Posted by: PaulChimera
It’s that stunning, that iconic, that heart-stopping!
But what can be written about this larger than life religious masterpiece that hasn’t already been said? Grown men literally have wept, upon seeing it for the first time, after developing an intimate knowledge of it through reproductions in books and on living room walls – then finally seeing it in person and nearly fainting from the grandeur that overwhelms the viewer.
Many people are still shocked to learn that so magnificent and classic-looking a painting – every bit as well-painted and powerful as an Old Master canvas – was done by Salvador Dali. “I thought he just painted melting clocks!,” many think.
I saw Dali’s Christ for the first time in person last summer, at the great Dali: The Late Work exhibition at the High Museum of Art in Atlanta, Georgia, U.S.A. It was spellbinding. Very large. Superbly painted. Monumental. Transcendent.
For me, however, it simply had to be eclipsed by the painting I’ve been obsessed with virtually all my adult life. And there it was, just feet away from Christ of St. John of the Cross: Dali’s enormous masterwork, Santiago El Grande (discussed in an earlier post here at Interpretations of Dali). In addition, I was disappointed that Dali’s Christ was behind glass. Glass, for me, seriously detracts from the vividness, richness, and “honesty” of an original oil painting of this stature.
Nevertheless, Dali’s Christ was a sight to behold. And it was wonderful to observe gasping fans, transfixed by the opportunity to view a work that hasn’t been seen in the United States in more than half a century.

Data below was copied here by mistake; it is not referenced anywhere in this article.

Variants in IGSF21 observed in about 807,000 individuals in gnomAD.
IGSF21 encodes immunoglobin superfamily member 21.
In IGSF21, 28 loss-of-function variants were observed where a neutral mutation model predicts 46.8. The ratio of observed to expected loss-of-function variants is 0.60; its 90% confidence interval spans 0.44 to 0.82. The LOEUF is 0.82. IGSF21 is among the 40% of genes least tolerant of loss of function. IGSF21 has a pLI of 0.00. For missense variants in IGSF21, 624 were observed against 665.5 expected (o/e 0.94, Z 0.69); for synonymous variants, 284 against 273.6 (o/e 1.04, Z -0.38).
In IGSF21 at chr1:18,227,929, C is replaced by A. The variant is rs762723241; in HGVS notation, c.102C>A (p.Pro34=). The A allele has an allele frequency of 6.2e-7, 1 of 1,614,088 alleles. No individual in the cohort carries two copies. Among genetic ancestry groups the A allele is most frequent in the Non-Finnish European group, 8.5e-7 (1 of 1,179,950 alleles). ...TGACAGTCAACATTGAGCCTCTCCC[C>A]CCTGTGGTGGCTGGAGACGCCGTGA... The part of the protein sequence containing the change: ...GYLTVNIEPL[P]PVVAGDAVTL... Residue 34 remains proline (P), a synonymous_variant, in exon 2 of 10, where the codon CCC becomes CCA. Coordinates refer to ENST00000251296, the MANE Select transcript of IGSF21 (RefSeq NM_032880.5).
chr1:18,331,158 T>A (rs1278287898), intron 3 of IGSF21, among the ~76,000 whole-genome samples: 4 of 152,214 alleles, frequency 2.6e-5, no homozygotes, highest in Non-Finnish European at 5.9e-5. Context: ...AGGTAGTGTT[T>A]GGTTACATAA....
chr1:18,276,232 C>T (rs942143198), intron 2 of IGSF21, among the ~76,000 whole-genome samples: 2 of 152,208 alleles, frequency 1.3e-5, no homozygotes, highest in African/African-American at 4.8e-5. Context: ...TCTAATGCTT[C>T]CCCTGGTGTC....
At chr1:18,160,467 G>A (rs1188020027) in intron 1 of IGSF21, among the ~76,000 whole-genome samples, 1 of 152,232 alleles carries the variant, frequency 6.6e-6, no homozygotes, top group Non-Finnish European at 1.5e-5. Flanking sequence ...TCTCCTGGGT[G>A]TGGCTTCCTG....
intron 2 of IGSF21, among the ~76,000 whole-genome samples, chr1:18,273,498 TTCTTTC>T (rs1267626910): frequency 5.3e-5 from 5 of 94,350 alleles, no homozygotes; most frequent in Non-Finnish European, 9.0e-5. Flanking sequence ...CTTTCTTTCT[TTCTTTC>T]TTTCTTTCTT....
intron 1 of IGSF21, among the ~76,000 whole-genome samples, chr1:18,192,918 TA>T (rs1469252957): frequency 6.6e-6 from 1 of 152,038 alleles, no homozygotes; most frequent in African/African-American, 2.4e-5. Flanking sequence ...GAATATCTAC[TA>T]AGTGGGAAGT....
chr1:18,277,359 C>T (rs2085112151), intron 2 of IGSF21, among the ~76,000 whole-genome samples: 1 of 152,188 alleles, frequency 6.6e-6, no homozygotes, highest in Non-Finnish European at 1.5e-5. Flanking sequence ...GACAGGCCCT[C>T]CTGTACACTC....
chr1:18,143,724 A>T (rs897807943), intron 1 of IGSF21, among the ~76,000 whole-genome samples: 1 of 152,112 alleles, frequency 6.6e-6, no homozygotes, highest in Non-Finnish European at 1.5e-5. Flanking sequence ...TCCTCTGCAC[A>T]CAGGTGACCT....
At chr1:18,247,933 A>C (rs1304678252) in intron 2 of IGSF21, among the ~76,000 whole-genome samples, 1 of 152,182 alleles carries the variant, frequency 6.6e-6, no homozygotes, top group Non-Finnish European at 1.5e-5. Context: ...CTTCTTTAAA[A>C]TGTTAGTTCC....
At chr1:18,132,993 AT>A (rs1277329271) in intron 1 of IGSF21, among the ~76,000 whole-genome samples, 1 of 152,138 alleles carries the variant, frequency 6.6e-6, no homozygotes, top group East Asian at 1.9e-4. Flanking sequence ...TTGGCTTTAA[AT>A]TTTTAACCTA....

What many people don’t realize is that Dali was chiefly inspired to portray Jesus in this unconventional manner after admiring a small sketch of the crucified Jesus, made by the Spanish mystic, St. John of the Cross – a precious little document that has long been preserved in the Monastery of the Incarnation in Avila, Spain.
Years back, I did a telephone interview with Russell Saunders, the Hollywood stuntman who posed for Dali – his athletic yet not “too athletic” body just right, in Dali’s judgment, to capture the beauty and perfection of Jesus. I can’t recall much of the interview, but remember Mr. Saunders feeling privileged indeed to have been chosen by Dali, whom, he said, kept him amused with various comments he made while working painstakingly at the easel.
As most everyone knows, the painting was cut with a jagged piece of stone by a deranged museum visitor, sometime not long after it was first hung in the Glasgow museum. Some people claimed the picture was sacrilegious. City fathers originally balked at acquiring it, because, they complained, the price tag seemed outrageous and irresponsible at the time.
Today, Dali’s Christ of St. John of the Cross has been voted Scotland’s favorite painting, and a year or so ago its monetary value was set at, as I recall, some $80 million. I’d put it higher than that. Of course, its aesthetic value is immeasurable. Not to mention its value in making Glasgow a tourist attraction for art lovers the world over.
If Salvador Dali never painted a single soft watch, his Christ of St. John of the Cross would have assured him a comfortable and distinguished seat at the table of great masters of modern art.